The last part of Section 2003 directs the FCC to not share the data unless “the Commission has determined that the receiving entity or individual has the capability and intent to protect any personally identifiable information contained in the data.”

Lastly, under Section 2005, the bill requires the FCC to issue rules “to promote and incentivize widespread adoption of the broadband consumer labels” the FCC established in 2016 and that broadband consumer labels should be provided in “a simple-to-understand format describing the key factors consumers need to know when considering broadband service, including: price, data allowances, speeds, and management practices.”

Finally, the bill would require the FCC to hold a series of public hearings to “assess how consumers currently evaluate [I]nternet service plans and whether existing disclosures are available, effective, and sufficient.”

An essential part of getting everyone online

Although the “Broadband Transparency” section of the bill may not get the media focus that other big ticket items in the bill will get, Matt Wood, Vice President of Policy and General Counsel for Free Press Action, sums up its significance succinctly:

While the deployment and financing strategies will understandably draw attention in an infrastructure bill, its digital equity, affordability and pricing transparency provisions are just as essential or more so for getting everyone online.

We concur.

Stay tuned for the next installment of this series on “Title III – Broadband Access.”

Editor’s Note: This piece was authored by Sean Gonsalves, a senior reporter, editor and researcher for the Institute for Local Self Reliance’s Community Broadband Network Initiative. Originally published on MuniNetworks.org, the piece is part of a collaborative reporting effort between Broadband Breakfast and the Community Broadband Networks program at ILSR.

Sean Gonsalves is a longtime former reporter, columnist, and news editor with the Cape Cod Times. He is also a former nationally syndicated columnist in 22 newspapers, including the Oakland Tribune, Kansas City Star and Seattle Post-Intelligencer. His work has also appeared in the Boston Globe, USA Today, the Washington Post and the International Herald-Tribune. An award-winning newspaper reporter and columnist, Sean also has extensive experience in both television and radio. Sean has made appearances on WGBH’s “Greater Boston” TV show with Emily Rooney and was a frequent guest on New England Cable News (NECN), commentating on a variety of Cape Cod tourist attractions. He left print journalism in 2014 to work as a senior communication consultant for Regan Communications and Pierce-Cote, advising a variety of business, non-profit and government agency clients on communication strategy. In October 2020, Sean joined the Institute for Local Self Reliance staff as a senior reporter, editor and researcher for ILSR’s Community Broadband Network Initiative.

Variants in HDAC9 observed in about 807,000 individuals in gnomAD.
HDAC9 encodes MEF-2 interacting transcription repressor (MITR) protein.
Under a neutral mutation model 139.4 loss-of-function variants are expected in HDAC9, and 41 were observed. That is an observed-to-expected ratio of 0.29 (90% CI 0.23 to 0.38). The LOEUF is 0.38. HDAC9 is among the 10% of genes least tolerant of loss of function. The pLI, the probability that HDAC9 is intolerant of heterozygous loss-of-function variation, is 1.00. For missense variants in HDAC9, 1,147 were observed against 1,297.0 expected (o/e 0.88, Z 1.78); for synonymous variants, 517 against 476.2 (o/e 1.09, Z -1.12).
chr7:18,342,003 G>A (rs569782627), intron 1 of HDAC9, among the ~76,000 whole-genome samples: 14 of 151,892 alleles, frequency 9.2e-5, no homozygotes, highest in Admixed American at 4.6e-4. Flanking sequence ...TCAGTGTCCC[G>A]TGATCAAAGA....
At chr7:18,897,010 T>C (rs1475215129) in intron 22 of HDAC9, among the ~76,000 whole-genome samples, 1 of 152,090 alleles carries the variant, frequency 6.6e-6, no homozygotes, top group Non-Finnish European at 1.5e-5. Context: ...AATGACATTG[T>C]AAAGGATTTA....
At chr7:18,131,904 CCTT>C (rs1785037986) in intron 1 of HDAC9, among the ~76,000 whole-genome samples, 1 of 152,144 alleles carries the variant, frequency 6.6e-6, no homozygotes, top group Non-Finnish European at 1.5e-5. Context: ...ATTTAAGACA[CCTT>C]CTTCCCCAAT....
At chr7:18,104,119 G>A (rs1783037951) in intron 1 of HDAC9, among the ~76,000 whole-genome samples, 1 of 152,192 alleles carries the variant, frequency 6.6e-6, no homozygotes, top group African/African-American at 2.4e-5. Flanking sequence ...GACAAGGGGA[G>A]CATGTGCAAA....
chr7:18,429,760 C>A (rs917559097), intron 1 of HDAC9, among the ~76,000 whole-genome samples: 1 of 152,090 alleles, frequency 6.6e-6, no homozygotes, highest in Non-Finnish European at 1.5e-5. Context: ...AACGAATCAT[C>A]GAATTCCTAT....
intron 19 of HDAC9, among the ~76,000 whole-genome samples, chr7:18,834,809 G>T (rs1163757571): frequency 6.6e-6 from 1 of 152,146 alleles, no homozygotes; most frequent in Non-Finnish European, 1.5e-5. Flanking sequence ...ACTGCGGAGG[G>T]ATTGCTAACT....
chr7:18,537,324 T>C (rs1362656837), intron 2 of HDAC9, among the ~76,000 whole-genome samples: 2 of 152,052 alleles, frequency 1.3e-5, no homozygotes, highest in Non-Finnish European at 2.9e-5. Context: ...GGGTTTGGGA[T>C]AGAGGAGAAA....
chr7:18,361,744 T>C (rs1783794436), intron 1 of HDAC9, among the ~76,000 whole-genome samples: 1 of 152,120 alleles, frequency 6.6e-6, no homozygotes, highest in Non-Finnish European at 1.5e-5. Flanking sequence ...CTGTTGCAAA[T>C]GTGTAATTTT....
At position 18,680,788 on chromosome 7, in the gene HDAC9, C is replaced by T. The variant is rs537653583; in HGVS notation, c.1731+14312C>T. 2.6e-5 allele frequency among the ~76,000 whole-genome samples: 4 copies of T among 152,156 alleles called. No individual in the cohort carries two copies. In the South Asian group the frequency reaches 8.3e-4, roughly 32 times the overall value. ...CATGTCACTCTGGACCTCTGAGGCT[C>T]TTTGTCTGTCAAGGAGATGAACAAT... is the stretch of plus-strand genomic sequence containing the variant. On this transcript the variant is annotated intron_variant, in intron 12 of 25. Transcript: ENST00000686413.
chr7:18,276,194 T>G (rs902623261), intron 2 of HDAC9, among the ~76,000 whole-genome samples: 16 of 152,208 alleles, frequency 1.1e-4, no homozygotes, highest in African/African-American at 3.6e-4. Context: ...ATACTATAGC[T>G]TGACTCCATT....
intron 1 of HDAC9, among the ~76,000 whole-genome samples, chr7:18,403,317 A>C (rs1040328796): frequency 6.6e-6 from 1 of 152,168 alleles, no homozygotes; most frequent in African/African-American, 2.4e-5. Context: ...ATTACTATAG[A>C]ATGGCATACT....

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Garland McCoy: Some State Attorneys General Are Preparing to Take the FCC to Court

While some will “cash out,” other state broadband officials will seek the full measure of federal broadband infrastructure funds due.

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The author of this Expert Opinion is Garland McCoy, Executive Director of Precision Ag Connectivity and Accuracy Stakeholder Alliance

Let me start by saving the time of those state broadband officials who are going to accept the recently released FCC Broadband Map Data at face value and take NTIA’s “cash out,” and in doing so, forgo participation in the available FCC challenge process. For those state broadband officials, the insights, and recommendations I provide below will be of little interest to you. 

If the past is any prelude to the future, the Internet Service Providers will use the same challenge criteria to successfully throw out the crowdsourced and bulk data that states have gathered for their own maps. As I detailed in my recent article on Broadband Breakfast, the FCC published specifications for its challenge process on September 15, 2022.